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For autonomous driving to move forward will require much greater cooperation between major suppliers and automotive OEMs, especially in the area of R&D with the many challenges ahead, a panel of experts said in an AutoMobili-D session at the 2017 North American International Auto Show.
One of the challenges is for sensors, working with artificial intelligence, to recognize “what is around the vehicle” as it proceeds “in close proximity and far ahead, said Harsha Badarinarayan, a director in Hitachi America’s R&D practice.
“How do you sense the environment? For instance, how do you estimate where the vehicle is traveling if it can’t [detect] lane markers. AI and machine learning will help us with this.”
Another important issue to be worked out is the division of labor – and storage – between data that stays in the vehicle for fast access and that which is shipped out to the cloud for processing.
“Cloud-based analytics will be very important,” said George Saikalis, a senior vice president and chief technology officer for Hitachi America. “What do you keep in the vehicle and what is transferred out to the cloud for further analysis? Those [determinations] need to be happening between OEMs and suppliers.”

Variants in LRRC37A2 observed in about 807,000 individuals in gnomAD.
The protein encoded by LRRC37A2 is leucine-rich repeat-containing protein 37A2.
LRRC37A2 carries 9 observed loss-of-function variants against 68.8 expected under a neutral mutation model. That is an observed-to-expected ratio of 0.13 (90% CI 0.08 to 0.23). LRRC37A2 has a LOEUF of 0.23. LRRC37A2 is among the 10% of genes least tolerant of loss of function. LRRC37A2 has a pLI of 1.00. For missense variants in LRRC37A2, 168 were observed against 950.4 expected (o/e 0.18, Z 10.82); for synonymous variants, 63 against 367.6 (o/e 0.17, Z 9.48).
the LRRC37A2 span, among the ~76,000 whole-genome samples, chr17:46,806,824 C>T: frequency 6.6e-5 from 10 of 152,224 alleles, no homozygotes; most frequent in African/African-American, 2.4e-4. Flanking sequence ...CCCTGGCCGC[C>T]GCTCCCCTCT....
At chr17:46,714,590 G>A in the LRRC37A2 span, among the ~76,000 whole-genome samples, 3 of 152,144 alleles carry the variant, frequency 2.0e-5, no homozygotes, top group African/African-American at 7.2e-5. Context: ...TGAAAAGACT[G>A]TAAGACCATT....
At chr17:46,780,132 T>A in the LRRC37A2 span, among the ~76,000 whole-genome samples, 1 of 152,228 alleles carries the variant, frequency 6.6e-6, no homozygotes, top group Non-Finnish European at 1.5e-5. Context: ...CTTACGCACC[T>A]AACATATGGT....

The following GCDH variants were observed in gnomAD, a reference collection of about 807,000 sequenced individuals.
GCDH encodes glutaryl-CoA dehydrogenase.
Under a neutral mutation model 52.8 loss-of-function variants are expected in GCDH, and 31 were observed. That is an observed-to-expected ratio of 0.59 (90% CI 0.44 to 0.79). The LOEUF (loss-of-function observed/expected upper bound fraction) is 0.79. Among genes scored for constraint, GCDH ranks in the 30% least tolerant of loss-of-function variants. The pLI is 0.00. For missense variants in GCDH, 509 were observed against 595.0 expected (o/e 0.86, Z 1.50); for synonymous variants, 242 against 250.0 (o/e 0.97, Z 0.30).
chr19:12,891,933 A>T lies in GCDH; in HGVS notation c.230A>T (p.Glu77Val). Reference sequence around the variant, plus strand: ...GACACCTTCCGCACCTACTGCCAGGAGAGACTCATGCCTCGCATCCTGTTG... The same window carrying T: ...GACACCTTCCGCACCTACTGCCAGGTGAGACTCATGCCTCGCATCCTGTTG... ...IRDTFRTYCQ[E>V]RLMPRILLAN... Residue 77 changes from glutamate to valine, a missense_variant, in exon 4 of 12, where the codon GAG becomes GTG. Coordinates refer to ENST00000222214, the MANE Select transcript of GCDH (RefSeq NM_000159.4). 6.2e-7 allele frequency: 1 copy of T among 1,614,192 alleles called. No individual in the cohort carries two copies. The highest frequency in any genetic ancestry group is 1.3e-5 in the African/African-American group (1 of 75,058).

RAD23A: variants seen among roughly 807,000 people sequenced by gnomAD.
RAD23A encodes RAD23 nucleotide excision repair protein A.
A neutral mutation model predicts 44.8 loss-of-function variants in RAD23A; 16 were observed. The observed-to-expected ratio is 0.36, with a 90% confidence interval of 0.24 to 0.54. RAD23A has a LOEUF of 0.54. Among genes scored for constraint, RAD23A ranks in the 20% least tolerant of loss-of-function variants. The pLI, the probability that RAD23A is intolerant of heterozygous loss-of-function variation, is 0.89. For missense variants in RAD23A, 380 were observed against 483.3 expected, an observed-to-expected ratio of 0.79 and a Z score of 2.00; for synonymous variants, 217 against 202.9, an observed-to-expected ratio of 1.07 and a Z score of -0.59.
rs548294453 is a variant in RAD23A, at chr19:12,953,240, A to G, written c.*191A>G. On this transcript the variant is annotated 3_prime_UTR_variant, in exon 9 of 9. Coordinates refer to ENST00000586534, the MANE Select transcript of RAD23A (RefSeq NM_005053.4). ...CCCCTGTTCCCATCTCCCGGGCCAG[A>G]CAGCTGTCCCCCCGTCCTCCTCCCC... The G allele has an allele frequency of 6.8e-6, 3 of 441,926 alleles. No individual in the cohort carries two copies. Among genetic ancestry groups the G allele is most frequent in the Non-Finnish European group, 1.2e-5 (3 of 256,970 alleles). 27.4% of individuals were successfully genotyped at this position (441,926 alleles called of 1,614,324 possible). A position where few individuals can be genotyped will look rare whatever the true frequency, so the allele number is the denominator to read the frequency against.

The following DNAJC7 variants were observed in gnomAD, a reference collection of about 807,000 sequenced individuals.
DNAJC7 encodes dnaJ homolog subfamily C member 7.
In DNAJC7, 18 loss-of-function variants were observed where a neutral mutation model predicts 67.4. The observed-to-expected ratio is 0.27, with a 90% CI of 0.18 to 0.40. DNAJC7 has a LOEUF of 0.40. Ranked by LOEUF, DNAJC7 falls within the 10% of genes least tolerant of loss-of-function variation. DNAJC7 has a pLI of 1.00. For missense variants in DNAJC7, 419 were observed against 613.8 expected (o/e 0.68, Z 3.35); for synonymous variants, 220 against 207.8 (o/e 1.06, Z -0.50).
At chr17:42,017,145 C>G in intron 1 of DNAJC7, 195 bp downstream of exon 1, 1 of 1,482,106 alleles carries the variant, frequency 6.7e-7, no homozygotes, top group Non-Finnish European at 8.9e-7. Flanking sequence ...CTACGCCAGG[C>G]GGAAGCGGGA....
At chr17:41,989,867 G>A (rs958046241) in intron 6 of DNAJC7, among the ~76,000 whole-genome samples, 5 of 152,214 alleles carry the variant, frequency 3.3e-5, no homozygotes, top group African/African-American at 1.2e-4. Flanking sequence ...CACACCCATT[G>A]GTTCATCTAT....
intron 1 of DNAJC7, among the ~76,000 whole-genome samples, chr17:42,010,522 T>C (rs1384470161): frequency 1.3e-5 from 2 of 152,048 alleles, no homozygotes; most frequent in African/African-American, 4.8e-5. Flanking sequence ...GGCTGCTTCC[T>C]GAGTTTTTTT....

Security of data for automated driving is another important area, noted Lee Aho, vice president of design engineering for Hitachi Automotive Systems Americas. “The security of data coming into the vehicle is extremely critical in making sure that it’s good and legitimate data,” he said. “And there’s a certain amount of privacy that users can expect.”
Meanwhile, one place where suppliers and OEMs already are cooperating to advance autonomous driving is MCity, the test facility at the University of Michigan that opened last year. It’s been in use flat-out since mid-2016, reported panelist Huei Peng, associate director of the Mobility Transformation Center at the University of Michigan.
“But we will still focus on pre-competitive research too” at the university,” Peng said. “We won’t change our focus.”